Today in school kids learn how to do math on old fashioned calculators that have not been updated since the early 2000s. All of that same functionality exists however, in the most basic, free, computer programming languages. Sometimes updating technology means saving money, and updating technology almost always means giving our students a leg up in the job market.
I will use my experience and knowledge to ensure that we have efficient standards for technology that maximize skills for students and minimizes costs to the tax payers. Integrating computer programming into mathematics programs is just one way we can improve learning while gratly reducing the costs to the schools and the parents.
Fix State Testing
There is no reason why our state should be buying standardized test material from a private, out of state, company when we have tons of skilled teachers who could easily put together a better test that would more accurately reflect the goals of our students.
We also need to question the idea of spending so many long hours, even solid weeks on standardized testing as a state. It is important to get a benchmark for student success, but it should come at the cost of quality education. "Teaching to the test" will never be better than a teacher with the freedom to engage students and cultivate creative learning. Standardized test are only a benchmark, lets not forget that.
Scientists have consistently demonstrated that high school students perform far better and retain more information when their school day starts a bit later. They have also proven time and again that the best way to close the performance gap between students of different economic backgrounds is to spread the school year to the whole year.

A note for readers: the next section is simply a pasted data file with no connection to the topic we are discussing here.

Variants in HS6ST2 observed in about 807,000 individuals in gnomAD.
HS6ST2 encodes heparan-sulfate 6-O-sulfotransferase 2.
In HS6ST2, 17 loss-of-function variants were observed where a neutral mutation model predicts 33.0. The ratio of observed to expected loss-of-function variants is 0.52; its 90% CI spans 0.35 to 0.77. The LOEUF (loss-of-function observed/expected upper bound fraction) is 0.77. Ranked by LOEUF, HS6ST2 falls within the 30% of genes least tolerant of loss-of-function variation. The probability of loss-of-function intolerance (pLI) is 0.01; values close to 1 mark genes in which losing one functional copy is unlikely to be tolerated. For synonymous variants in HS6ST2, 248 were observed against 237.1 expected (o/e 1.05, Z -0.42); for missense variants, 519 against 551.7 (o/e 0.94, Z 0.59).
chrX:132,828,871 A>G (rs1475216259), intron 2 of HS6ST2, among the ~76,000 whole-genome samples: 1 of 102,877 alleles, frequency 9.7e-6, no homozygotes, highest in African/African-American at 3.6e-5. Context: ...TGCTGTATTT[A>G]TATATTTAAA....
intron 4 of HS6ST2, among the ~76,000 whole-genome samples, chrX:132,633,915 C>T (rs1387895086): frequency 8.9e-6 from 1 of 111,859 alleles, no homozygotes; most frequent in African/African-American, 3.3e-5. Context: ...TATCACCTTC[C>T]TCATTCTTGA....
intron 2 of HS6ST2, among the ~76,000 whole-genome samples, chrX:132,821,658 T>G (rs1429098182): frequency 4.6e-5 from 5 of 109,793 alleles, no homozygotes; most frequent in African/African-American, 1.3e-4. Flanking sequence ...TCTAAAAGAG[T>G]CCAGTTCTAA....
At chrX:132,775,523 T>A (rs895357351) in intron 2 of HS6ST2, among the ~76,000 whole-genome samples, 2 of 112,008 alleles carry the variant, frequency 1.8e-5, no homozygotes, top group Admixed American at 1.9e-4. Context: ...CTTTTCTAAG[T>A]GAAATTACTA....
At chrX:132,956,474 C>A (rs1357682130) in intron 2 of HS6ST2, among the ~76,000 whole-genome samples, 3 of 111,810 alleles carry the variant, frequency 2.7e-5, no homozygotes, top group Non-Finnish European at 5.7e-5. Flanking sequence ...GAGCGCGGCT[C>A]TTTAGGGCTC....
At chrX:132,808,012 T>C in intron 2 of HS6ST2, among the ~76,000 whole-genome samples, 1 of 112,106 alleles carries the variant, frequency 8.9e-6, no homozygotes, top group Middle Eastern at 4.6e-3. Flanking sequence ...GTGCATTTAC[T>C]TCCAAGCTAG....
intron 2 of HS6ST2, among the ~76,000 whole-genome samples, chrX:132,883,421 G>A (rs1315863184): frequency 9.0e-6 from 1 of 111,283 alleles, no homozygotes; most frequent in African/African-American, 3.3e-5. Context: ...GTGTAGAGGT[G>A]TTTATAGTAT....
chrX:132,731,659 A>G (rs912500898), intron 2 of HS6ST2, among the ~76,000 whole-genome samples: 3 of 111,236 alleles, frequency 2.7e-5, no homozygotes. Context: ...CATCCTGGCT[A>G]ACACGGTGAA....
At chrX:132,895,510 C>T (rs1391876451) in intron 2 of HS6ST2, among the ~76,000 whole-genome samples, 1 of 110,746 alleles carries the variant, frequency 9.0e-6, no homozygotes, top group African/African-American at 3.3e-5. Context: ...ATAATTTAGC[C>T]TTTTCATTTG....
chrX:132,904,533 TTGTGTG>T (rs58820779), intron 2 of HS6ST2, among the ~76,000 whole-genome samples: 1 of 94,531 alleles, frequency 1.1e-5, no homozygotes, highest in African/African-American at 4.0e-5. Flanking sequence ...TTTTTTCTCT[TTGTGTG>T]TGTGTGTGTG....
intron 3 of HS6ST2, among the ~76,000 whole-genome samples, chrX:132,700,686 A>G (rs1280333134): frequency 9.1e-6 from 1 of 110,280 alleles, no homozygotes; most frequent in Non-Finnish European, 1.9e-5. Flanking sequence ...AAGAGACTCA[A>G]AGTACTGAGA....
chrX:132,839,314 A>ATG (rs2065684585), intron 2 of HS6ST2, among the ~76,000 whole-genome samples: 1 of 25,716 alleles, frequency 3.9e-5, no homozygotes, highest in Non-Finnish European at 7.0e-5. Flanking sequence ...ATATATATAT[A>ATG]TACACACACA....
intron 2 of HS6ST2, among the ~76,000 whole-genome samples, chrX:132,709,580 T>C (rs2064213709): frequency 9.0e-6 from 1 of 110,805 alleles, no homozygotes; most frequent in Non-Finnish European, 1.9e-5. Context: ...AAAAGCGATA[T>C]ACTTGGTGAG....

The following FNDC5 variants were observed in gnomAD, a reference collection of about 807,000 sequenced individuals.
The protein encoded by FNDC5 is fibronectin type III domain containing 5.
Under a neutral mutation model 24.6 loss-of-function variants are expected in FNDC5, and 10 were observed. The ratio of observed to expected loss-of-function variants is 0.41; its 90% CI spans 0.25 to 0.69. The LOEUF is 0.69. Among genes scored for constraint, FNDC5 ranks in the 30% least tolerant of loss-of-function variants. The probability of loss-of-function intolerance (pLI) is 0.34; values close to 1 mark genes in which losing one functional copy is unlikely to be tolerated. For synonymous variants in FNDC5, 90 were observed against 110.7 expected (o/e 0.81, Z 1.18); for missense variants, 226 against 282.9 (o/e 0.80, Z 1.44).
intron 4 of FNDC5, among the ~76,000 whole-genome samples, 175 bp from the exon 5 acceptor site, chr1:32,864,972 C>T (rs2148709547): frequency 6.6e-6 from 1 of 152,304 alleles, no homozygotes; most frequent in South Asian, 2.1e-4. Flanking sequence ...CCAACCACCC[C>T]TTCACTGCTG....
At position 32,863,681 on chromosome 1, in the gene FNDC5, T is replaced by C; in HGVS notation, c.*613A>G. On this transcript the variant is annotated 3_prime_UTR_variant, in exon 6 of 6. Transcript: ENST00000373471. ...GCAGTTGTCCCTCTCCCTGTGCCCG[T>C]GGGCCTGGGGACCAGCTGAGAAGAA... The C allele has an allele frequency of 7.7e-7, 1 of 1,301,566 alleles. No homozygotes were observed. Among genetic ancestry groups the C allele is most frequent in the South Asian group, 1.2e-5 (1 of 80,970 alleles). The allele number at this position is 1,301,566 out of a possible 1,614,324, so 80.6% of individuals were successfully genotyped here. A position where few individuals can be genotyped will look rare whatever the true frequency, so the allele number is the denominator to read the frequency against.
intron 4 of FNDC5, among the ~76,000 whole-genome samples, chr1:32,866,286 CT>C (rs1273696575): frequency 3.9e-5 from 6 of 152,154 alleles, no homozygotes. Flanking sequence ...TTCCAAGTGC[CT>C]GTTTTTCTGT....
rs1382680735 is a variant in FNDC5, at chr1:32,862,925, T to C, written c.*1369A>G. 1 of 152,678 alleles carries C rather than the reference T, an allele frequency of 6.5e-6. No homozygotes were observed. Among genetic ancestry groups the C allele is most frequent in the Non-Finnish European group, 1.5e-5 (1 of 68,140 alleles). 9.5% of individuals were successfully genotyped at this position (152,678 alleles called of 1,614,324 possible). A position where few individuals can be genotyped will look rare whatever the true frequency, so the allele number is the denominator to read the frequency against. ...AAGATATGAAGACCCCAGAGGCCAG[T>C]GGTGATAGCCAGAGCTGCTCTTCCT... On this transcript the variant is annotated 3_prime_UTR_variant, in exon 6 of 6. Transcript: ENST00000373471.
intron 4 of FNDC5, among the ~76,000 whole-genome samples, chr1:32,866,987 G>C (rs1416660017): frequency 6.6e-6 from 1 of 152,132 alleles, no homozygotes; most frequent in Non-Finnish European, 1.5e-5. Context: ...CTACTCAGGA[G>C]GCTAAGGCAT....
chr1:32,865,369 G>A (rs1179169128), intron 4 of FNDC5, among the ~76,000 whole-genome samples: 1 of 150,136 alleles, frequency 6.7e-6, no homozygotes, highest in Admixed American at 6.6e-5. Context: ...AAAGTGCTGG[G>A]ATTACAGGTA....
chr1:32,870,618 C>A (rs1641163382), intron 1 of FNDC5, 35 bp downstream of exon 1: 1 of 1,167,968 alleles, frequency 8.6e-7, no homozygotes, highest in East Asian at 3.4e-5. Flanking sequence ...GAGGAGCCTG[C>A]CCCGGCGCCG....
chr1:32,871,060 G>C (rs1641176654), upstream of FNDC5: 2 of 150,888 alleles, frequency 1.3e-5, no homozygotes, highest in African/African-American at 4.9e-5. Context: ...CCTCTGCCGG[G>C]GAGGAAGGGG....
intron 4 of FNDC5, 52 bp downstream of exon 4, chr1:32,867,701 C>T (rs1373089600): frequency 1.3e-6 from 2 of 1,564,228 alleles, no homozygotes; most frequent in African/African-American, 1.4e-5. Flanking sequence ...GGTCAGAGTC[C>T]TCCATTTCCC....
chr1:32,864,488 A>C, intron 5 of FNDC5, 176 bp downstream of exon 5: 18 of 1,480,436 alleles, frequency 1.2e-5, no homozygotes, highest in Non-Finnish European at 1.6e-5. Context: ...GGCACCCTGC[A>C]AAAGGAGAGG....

We need to have a real discussion about encouraging school districts to adopt schedules that work better with the students and the way they learn. We also need to expand our before and after school programs in a way that is accessible to struggling families so that poor students can get the same access to education that wealthier students have. We have one of the best K-12 systems in the U.S. but we can still do better.
How can our teachers focus on our students when they are busy worrying about how they can afford to stay alive? In the countries with the best education systems in the world one thing is consistent. Teachers are paid very well. We need our teachers to be paid in a way that ensures that they are not having to worry about being financially stable. We want teacher pay to be competitive so that the best and brightest can view teaching as a legitimate career option.
When I was in the U. S. Air Force we weren't paid a lot, but we were always given a housing allowance that reflected the cost of living in the area. I would definitely like to explore the idea of giving a tax-free housing allowance to teachers that reflects the cost of living in their zip code.